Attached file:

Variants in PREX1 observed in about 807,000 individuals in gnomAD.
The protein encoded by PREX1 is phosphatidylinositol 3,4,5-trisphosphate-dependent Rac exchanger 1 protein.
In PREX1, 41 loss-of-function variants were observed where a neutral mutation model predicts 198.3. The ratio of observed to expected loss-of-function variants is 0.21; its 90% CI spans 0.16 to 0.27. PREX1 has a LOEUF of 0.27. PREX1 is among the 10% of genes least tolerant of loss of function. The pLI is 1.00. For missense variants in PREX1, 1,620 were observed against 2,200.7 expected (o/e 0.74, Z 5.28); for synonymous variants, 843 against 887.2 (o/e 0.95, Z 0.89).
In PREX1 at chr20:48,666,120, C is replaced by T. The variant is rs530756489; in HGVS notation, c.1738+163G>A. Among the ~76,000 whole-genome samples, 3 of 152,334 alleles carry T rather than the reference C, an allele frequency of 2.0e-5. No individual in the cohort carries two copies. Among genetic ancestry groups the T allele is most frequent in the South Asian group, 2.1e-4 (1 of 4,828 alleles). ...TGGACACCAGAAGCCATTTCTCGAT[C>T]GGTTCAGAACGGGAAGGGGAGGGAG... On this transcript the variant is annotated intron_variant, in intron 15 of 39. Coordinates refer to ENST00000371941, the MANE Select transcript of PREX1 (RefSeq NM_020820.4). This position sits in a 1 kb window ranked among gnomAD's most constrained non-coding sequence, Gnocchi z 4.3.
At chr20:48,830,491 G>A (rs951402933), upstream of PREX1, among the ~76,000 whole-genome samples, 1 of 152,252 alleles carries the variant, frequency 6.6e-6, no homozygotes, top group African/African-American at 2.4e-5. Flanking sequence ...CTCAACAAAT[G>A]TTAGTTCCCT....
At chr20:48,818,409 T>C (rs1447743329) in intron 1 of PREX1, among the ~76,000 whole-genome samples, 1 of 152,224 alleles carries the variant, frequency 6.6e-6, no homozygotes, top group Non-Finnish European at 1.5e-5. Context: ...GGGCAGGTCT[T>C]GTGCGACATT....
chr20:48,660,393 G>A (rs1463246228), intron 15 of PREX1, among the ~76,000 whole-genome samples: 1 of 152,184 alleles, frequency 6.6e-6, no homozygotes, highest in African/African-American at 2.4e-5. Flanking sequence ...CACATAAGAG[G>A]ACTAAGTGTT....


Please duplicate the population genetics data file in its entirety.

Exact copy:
Variants in PREX1 observed in about 807,000 individuals in gnomAD.
The protein encoded by PREX1 is phosphatidylinositol 3,4,5-trisphosphate-dependent Rac exchanger 1 protein.
In PREX1, 41 loss-of-function variants were observed where a neutral mutation model predicts 198.3. The ratio of observed to expected loss-of-function variants is 0.21; its 90% CI spans 0.16 to 0.27. PREX1 has a LOEUF of 0.27. PREX1 is among the 10% of genes least tolerant of loss of function. The pLI is 1.00. For missense variants in PREX1, 1,620 were observed against 2,200.7 expected (o/e 0.74, Z 5.28); for synonymous variants, 843 against 887.2 (o/e 0.95, Z 0.89).
In PREX1 at chr20:48,666,120, C is replaced by T. The variant is rs530756489; in HGVS notation, c.1738+163G>A. Among the ~76,000 whole-genome samples, 3 of 152,334 alleles carry T rather than the reference C, an allele frequency of 2.0e-5. No individual in the cohort carries two copies. Among genetic ancestry groups the T allele is most frequent in the South Asian group, 2.1e-4 (1 of 4,828 alleles). ...TGGACACCAGAAGCCATTTCTCGAT[C>T]GGTTCAGAACGGGAAGGGGAGGGAG... On this transcript the variant is annotated intron_variant, in intron 15 of 39. Coordinates refer to ENST00000371941, the MANE Select transcript of PREX1 (RefSeq NM_020820.4). This position sits in a 1 kb window ranked among gnomAD's most constrained non-coding sequence, Gnocchi z 4.3.
At chr20:48,830,491 G>A (rs951402933), upstream of PREX1, among the ~76,000 whole-genome samples, 1 of 152,252 alleles carries the variant, frequency 6.6e-6, no homozygotes, top group African/African-American at 2.4e-5. Flanking sequence ...CTCAACAAAT[G>A]TTAGTTCCCT....
At chr20:48,818,409 T>C (rs1447743329) in intron 1 of PREX1, among the ~76,000 whole-genome samples, 1 of 152,224 alleles carries the variant, frequency 6.6e-6, no homozygotes, top group Non-Finnish European at 1.5e-5. Context: ...GGGCAGGTCT[T>C]GTGCGACATT....
chr20:48,660,393 G>A (rs1463246228), intron 15 of PREX1, among the ~76,000 whole-genome samples: 1 of 152,184 alleles, frequency 6.6e-6, no homozygotes, highest in African/African-American at 2.4e-5. Flanking sequence ...CACATAAGAG[G>A]ACTAAGTGTT....